Chain Restaurants Botch Recipe for Change to Woo Younger Customers

It’s not even up for debate: the older you get the more resistant you are to change. That’s why people get more conservative as they get older. They’re trying to conserve what is, and halt changes that they’re not comfortable with. It is the constant struggle between young and old, bringing change and resisting the great unknown of the change young people are trying to bring.

It is for this reason that the day I heard that the International House of Pancakes (IHOP) was changing to the International House of Burgers (IHOB), I vowed never to patronize the restaurant again. Apparently, I was not alone. Met with mass disgruntlement and ridicule, the IHOP people quickly moved to explain that it was all just a publicity stunt to meant to promote the fact that they also serve burgers.

I’m still temporarily boycotting the chain for undertaking such a patently ham-handed ploy. Hopefully, a drop in sales will send the message that they shouldn’t be tinkering around with a brand name that has worked for sixty years.

Some conspiracy theorists even believe that the change might not have been a PR gambit at all, but was meant to be permanent, and that the company only scrambled back to IHOP after suffering the disastrous blowback. I don’t believe that; I think it was just a dumb stunt.

See, IHOP works, on many levels. It is phonetically appealing. It is allusive, as in: “I am going to hop on down to IHOP and get some pancakes.” And the juxtaposition of “house” and “pancakes” is good; there are pleasant associations surrounding the act of eating pancakes in a house.

On the other hand, what is an IHOB? The company temporarily tweaked its name to highlight burgers, but who the hell wants an international burger? You can’t do better than an American burger, and the IHOP people should have known that. Nobody wants some bastardized, balkanized foreign burger. Beyond that, as something of a wordsmith, the new name suggested to me nothing less than, “I hobble.” The last thing you want to evoke when seeking the next generation of customers is hobbling.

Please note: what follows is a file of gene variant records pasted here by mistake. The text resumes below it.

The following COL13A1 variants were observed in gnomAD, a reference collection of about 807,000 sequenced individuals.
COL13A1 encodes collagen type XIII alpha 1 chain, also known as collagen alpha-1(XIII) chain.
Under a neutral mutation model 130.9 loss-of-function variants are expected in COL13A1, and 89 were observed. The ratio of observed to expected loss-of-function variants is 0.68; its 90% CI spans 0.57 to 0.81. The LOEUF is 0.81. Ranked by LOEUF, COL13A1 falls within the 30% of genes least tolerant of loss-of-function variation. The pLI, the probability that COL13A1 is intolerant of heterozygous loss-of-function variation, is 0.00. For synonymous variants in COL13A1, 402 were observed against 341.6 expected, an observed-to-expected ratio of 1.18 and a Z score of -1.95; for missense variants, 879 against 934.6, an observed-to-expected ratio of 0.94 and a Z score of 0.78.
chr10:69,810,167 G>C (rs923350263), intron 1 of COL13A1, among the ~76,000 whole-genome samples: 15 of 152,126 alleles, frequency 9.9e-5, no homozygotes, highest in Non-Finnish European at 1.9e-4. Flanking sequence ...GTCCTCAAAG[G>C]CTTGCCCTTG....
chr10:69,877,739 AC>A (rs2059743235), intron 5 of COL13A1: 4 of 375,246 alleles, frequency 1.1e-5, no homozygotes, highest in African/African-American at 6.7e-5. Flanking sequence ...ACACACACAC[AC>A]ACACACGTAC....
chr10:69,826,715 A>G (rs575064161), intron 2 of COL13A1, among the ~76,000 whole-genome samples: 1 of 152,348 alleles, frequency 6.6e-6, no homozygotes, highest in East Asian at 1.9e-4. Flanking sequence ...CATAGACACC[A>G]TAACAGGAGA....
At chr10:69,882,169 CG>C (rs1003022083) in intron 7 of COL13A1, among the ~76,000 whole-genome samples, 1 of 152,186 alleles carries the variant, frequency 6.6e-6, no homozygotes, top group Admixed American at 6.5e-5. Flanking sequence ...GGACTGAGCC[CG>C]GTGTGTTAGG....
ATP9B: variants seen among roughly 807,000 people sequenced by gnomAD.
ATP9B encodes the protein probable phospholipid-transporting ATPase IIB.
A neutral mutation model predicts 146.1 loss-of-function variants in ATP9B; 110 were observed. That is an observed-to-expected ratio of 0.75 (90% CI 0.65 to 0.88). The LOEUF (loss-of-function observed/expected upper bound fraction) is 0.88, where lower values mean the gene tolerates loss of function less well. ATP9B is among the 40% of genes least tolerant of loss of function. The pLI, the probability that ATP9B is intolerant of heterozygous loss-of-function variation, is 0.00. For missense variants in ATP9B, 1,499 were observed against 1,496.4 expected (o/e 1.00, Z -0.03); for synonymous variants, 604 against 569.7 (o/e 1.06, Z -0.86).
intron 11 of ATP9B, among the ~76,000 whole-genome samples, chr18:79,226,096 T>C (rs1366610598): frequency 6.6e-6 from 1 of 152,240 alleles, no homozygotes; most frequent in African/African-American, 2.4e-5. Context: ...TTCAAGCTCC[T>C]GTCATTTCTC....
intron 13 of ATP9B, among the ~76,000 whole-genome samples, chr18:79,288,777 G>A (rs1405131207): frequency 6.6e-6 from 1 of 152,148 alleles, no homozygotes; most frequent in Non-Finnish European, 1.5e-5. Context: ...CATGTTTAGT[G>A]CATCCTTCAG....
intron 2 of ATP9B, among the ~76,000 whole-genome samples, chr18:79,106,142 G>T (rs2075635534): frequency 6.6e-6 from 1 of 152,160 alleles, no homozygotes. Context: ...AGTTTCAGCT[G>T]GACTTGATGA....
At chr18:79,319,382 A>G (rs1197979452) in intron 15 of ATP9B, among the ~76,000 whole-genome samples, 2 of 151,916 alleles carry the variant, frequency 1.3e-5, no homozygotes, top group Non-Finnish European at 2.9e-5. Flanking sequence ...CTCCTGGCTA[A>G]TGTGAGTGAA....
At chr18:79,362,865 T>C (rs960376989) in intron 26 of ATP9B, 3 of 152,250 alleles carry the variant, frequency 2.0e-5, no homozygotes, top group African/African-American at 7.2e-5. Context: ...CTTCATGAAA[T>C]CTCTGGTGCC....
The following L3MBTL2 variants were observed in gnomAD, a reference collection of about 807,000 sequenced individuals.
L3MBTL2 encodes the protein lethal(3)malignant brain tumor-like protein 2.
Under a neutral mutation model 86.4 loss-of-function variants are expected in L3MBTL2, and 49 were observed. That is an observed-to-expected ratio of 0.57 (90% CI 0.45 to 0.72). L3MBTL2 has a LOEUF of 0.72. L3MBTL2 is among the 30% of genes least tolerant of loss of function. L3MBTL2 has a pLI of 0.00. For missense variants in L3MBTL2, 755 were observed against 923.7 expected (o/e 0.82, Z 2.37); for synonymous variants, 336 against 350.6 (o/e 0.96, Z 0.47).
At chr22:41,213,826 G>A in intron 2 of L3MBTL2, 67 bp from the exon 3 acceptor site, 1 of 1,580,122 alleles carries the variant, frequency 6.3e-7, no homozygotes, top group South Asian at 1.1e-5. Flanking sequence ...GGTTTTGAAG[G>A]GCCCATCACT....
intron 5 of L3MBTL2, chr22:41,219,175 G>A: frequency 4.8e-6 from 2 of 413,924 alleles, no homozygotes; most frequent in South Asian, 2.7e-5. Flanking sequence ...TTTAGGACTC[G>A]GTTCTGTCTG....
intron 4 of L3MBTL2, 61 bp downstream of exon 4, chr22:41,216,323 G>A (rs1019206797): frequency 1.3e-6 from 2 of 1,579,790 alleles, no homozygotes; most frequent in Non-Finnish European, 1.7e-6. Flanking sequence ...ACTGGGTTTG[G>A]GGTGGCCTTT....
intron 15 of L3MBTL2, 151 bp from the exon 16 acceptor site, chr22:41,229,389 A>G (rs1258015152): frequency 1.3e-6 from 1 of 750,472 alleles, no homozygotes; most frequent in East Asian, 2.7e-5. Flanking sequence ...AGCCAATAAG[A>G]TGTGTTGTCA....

Look, I understand that sometimes corporations need to change up the image to appeal to the younger set. The last time I was in a Sears and Roebuck store (the outmoded chain is closing stores at an accelerated rate and experts predict it is nearing bankruptcy) it was mostly deserted. Except for the employees, which comprised the largest demographic in the store and who were largely unresponsive. I did overhear one 40-something asking about a George Foreman Grill.

But they better be careful about moves to expand or revitalize their market niche. Those oldsters who frequent your establishment might still be your most dependable customers. And with baby boomers living longer and longer thanks to modern medicine, they may be around for quite some time, even if they’re eating pancakes slathered in butter and burgers topped with four bacon slices.

Now comes news that Dunkin’ Donuts will lose the word “donuts” in their name, and become simply “Dunkin.’”

I hereby dump Dunkin,’ an eatery I’ve been frequenting since as far back as the Kennedy administration. I’m dumping them on principle, the principle being that I will keep driving past any business that dunks, but deigns to identify exactly what is being dunked. The company claims that the name change is indicated because donuts are no longer considered a front-line breakfast food, they apparently sell other stuff, and they sell more coffee these days than donuts.  The change also “puts customers on a first-name basis” with the franchise.

This I can tell you: I don’t stop at a donut shop to order quiche. I go to a donut shop to get a chocolate-frosted donut with sprinkles. If it’s coffee I want, I go to Starbucks. I would rather not be on a first-name basis with a donut. For years now, the company tagline has said it all: America runs on Dunkin.’ Not without donuts, it doesn’t.

To what lengths will corporations go in quest of a younger generation of customers? To secure fresh demographics that will help them survive when the last baby boom oldsters finally exit the stage sometime in the 2040s, and the last Gen-Xers who grew up with boomer products reach the age when their physicians put the kibosh on sugar-laden donuts and bacon-bedecked burgers?

Will Tony the Tiger—an apt spirit animal for the hyperglycemic highs of childhood—become the endangered snow leopard “Angie”? Will Benjamin Moore Paints become simply Benjie!? Will DuPont Chemical’s (now merged with Dow Chemical) former tagline “Better Living Through Chemistry” become “Everything’s Going to be All Right, We Promise”?

Re-reading this, I realize I sound like the late resident 60 Minutes grump Andy Rooney. That’s OK.  Many older folks, especially conservative older folks, are resistant to change. The only kind of change they like is the kind of change that reverses the counterproductive changes that younger generations have made and conserves the beliefs, values, and ways of life that always worked for them.

They don’t want anyone messing with their donuts or their pancakes. Just don’t do it.